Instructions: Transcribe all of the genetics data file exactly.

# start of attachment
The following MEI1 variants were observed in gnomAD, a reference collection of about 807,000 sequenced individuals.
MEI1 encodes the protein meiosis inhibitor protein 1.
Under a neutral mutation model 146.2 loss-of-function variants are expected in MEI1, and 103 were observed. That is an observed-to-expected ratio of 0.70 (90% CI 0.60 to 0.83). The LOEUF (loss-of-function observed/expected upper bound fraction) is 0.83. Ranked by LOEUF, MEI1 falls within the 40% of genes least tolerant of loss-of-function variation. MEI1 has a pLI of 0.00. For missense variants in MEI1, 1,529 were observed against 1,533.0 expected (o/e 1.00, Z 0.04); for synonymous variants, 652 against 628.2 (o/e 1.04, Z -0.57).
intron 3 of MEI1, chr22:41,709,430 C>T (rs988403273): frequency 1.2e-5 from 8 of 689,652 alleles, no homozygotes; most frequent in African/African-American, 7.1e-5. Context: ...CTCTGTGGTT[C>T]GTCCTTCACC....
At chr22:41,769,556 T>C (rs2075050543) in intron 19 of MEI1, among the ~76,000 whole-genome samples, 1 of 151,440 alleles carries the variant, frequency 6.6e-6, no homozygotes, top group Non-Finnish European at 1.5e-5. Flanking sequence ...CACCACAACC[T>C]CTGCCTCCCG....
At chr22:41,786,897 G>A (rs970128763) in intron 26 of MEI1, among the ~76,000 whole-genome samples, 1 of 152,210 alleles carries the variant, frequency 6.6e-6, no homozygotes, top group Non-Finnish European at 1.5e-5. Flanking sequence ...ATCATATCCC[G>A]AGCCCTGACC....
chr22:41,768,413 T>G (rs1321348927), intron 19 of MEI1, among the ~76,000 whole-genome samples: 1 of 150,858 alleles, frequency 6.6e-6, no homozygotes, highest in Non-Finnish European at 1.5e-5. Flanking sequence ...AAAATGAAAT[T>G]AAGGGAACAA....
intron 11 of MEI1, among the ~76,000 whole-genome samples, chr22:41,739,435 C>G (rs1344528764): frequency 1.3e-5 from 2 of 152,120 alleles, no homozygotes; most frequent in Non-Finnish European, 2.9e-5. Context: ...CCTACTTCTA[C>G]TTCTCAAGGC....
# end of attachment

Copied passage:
The following MEI1 variants were observed in gnomAD, a reference collection of about 807,000 sequenced individuals.
MEI1 encodes the protein meiosis inhibitor protein 1.
Under a neutral mutation model 146.2 loss-of-function variants are expected in MEI1, and 103 were observed. That is an observed-to-expected ratio of 0.70 (90% CI 0.60 to 0.83). The LOEUF (loss-of-function observed/expected upper bound fraction) is 0.83. Ranked by LOEUF, MEI1 falls within the 40% of genes least tolerant of loss-of-function variation. MEI1 has a pLI of 0.00. For missense variants in MEI1, 1,529 were observed against 1,533.0 expected (o/e 1.00, Z 0.04); for synonymous variants, 652 against 628.2 (o/e 1.04, Z -0.57).
intron 3 of MEI1, chr22:41,709,430 C>T (rs988403273): frequency 1.2e-5 from 8 of 689,652 alleles, no homozygotes; most frequent in African/African-American, 7.1e-5. Context: ...CTCTGTGGTT[C>T]GTCCTTCACC....
At chr22:41,769,556 T>C (rs2075050543) in intron 19 of MEI1, among the ~76,000 whole-genome samples, 1 of 151,440 alleles carries the variant, frequency 6.6e-6, no homozygotes, top group Non-Finnish European at 1.5e-5. Flanking sequence ...CACCACAACC[T>C]CTGCCTCCCG....
At chr22:41,786,897 G>A (rs970128763) in intron 26 of MEI1, among the ~76,000 whole-genome samples, 1 of 152,210 alleles carries the variant, frequency 6.6e-6, no homozygotes, top group Non-Finnish European at 1.5e-5. Flanking sequence ...ATCATATCCC[G>A]AGCCCTGACC....
chr22:41,768,413 T>G (rs1321348927), intron 19 of MEI1, among the ~76,000 whole-genome samples: 1 of 150,858 alleles, frequency 6.6e-6, no homozygotes, highest in Non-Finnish European at 1.5e-5. Flanking sequence ...AAAATGAAAT[T>G]AAGGGAACAA....
intron 11 of MEI1, among the ~76,000 whole-genome samples, chr22:41,739,435 C>G (rs1344528764): frequency 1.3e-5 from 2 of 152,120 alleles, no homozygotes; most frequent in Non-Finnish European, 2.9e-5. Context: ...CCTACTTCTA[C>G]TTCTCAAGGC....